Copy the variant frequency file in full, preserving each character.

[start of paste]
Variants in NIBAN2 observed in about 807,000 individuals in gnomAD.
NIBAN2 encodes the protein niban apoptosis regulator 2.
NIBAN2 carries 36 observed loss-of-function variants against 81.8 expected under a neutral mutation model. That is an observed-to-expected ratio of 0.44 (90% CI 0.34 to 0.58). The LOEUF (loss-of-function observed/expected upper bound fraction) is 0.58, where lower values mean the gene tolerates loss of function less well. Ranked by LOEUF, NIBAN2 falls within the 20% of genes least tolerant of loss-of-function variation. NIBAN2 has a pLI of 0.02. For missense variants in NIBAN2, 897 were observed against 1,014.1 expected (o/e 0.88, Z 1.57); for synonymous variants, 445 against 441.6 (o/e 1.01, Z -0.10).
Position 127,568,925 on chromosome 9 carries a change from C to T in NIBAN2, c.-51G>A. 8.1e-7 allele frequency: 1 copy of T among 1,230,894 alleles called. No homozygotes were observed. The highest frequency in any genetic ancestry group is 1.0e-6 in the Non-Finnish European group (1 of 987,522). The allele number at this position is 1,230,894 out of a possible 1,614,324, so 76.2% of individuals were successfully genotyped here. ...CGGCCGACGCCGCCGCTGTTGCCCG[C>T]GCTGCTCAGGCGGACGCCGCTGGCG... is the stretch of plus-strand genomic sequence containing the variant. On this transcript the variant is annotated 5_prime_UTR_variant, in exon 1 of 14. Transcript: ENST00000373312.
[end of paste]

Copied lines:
Variants in NIBAN2 observed in about 807,000 individuals in gnomAD.
NIBAN2 encodes the protein niban apoptosis regulator 2.
NIBAN2 carries 36 observed loss-of-function variants against 81.8 expected under a neutral mutation model. That is an observed-to-expected ratio of 0.44 (90% CI 0.34 to 0.58). The LOEUF (loss-of-function observed/expected upper bound fraction) is 0.58, where lower values mean the gene tolerates loss of function less well. Ranked by LOEUF, NIBAN2 falls within the 20% of genes least tolerant of loss-of-function variation. NIBAN2 has a pLI of 0.02. For missense variants in NIBAN2, 897 were observed against 1,014.1 expected (o/e 0.88, Z 1.57); for synonymous variants, 445 against 441.6 (o/e 1.01, Z -0.10).
Position 127,568,925 on chromosome 9 carries a change from C to T in NIBAN2, c.-51G>A. 8.1e-7 allele frequency: 1 copy of T among 1,230,894 alleles called. No homozygotes were observed. The highest frequency in any genetic ancestry group is 1.0e-6 in the Non-Finnish European group (1 of 987,522). The allele number at this position is 1,230,894 out of a possible 1,614,324, so 76.2% of individuals were successfully genotyped here. ...CGGCCGACGCCGCCGCTGTTGCCCG[C>T]GCTGCTCAGGCGGACGCCGCTGGCG... is the stretch of plus-strand genomic sequence containing the variant. On this transcript the variant is annotated 5_prime_UTR_variant, in exon 1 of 14. Transcript: ENST00000373312.